As a whole the system should ultimately work as a part of the solution rather than a problem. The need is to move beyond mere use of water to stewardship – to protect what is steadily becoming an increasingly scarce resource - ultimately benefiting the settlements / communities. It is crystal clear that population growth would put further put strain on per capita availability of water. Efforts to enhance drinking water supply must move at a greater speed so as to cover all of the villages with adequate potable water connection / supply.
Technology, needless to say, would play the bigger role in such a context to meet people’s basic needs in a sustained manner. Naturally, protecting fresh water reserves, watershed development, chemical treatments following the safety norms, tackling the arsenic and fluoride contamination, among others, could give rich dividends. It is high time that the gross disparity prevailing on this score requires immediate attention so as to mitigate the incidence. Investment / raising fund allocations on this infrastructure development will benefit all in the long run in as much as it will ensure coverage of all rural habitations to reach the unreached with access to safe drinking water; sustainability of the systems and sources and tackling the water quality problems in affected habitations.
Though many countries and international river basin authorities are already implementing solutions that meet integrated water and climate challenges, but more needs to be done. and that too as quickly as possible. National and regional policy and planning must view water management through a climate resilience lens. Increased investment is needed to improve hydrological data, institutions and governance, education and capacity development, risk assessment and knowledge sharing. Crucially, lower-income populations, who are disproportionally affected by climate change, must be reached through targeted strategies that help them cope with new conditions, as rightly opined by the World Body.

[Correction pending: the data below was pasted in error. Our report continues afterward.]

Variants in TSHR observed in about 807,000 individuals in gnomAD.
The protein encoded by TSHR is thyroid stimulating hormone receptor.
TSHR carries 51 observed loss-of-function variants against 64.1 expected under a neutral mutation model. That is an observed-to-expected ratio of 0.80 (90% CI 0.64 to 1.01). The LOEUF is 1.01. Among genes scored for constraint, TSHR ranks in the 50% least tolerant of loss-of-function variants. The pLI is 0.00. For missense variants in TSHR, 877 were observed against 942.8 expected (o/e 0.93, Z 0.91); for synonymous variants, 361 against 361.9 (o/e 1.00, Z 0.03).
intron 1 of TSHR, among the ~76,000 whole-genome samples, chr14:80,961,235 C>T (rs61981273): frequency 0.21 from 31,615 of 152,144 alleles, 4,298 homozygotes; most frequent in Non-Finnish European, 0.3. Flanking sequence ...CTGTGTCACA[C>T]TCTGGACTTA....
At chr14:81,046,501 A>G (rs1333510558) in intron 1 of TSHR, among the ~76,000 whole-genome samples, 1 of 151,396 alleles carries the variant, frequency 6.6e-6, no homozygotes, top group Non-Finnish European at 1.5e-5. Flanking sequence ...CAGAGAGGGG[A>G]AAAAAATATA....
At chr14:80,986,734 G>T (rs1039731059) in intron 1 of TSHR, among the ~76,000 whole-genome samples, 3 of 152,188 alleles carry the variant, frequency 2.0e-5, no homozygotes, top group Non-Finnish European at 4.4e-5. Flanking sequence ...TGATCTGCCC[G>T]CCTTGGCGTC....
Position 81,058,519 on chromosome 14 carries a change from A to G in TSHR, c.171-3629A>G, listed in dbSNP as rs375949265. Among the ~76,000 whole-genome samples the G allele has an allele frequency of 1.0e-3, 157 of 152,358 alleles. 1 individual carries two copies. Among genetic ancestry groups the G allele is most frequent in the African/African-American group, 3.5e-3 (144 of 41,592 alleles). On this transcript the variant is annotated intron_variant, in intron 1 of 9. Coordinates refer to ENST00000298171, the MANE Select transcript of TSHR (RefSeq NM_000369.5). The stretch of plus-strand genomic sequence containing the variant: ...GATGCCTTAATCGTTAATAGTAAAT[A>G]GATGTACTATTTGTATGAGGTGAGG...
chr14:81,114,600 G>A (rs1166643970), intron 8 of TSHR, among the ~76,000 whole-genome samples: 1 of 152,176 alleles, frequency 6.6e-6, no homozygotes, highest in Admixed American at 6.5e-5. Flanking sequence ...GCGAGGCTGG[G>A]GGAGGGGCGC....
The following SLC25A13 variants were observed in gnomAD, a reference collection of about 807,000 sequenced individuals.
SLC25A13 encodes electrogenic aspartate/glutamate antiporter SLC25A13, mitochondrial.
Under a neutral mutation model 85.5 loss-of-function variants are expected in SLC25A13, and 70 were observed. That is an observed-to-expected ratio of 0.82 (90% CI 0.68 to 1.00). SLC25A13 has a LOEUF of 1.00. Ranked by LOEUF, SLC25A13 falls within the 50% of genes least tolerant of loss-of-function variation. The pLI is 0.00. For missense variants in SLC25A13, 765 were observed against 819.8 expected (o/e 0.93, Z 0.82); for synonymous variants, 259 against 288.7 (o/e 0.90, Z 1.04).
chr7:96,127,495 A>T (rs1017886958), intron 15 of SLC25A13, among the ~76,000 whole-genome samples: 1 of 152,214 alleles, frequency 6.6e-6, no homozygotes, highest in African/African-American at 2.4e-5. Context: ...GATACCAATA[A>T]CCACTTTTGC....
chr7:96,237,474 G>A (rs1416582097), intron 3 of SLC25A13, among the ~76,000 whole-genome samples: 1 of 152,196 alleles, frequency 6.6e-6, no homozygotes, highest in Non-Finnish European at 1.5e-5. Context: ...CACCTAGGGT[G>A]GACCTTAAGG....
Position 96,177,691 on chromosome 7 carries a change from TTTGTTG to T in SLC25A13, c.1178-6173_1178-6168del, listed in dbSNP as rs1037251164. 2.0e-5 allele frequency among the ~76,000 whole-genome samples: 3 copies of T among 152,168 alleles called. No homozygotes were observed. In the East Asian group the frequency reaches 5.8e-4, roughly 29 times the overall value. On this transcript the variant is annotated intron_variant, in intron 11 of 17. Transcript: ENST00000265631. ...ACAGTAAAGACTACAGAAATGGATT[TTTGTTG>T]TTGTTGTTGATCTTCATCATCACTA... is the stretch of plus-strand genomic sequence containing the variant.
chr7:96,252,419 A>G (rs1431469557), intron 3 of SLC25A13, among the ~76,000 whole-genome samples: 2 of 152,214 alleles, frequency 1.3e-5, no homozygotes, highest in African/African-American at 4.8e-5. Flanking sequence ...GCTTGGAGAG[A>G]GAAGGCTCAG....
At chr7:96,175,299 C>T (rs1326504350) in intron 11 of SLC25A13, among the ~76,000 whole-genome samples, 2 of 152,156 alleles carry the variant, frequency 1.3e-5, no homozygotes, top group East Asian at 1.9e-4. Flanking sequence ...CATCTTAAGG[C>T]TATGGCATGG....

It is better not forgotten that water limits are close to being breached in several countries, while food output has to increase by up to 100 percent by 2050 to sustain a growing world population!!
The ADB rightly suggested : “sound water sound water management practices, such as promoting the adoption of water conservation techniques, water recycling, or integrated river basin planning, [may be adopted] to improve resilience to changes in the hydrologic cycle and to provide co-benefits to other sectors, such as health.”
The then Secretary-General of the United Nations, Ban Ki- moon, rightly observed: ‘we need to begin thinking about better strategies for managing water – for using it efficiently and sharing it fairly. This means partnerships involving not just governments but civil society groups, individuals and businesses’.
Mr Gilbert F. Houngbo, Chair of UN-Water and President of the International Fund for Agricultural Development (IFAD) has been very specific – “....the way we manage water resources can help us tackle climate change in two ways, first, by coordinating across sectors we can reduce the impacts of floods and droughts, adapt to the expected increase in unpredictability and ensure communities and businesses have the water they need to thrive. And second, we can reduce harmful emissions by making water supply more sustainable.”
Let us all hope more actions could follow suit.
The Writer, a Noted Management Economist and International Commentator on ongoing Economic and Business Issues, can be reached at [email protected]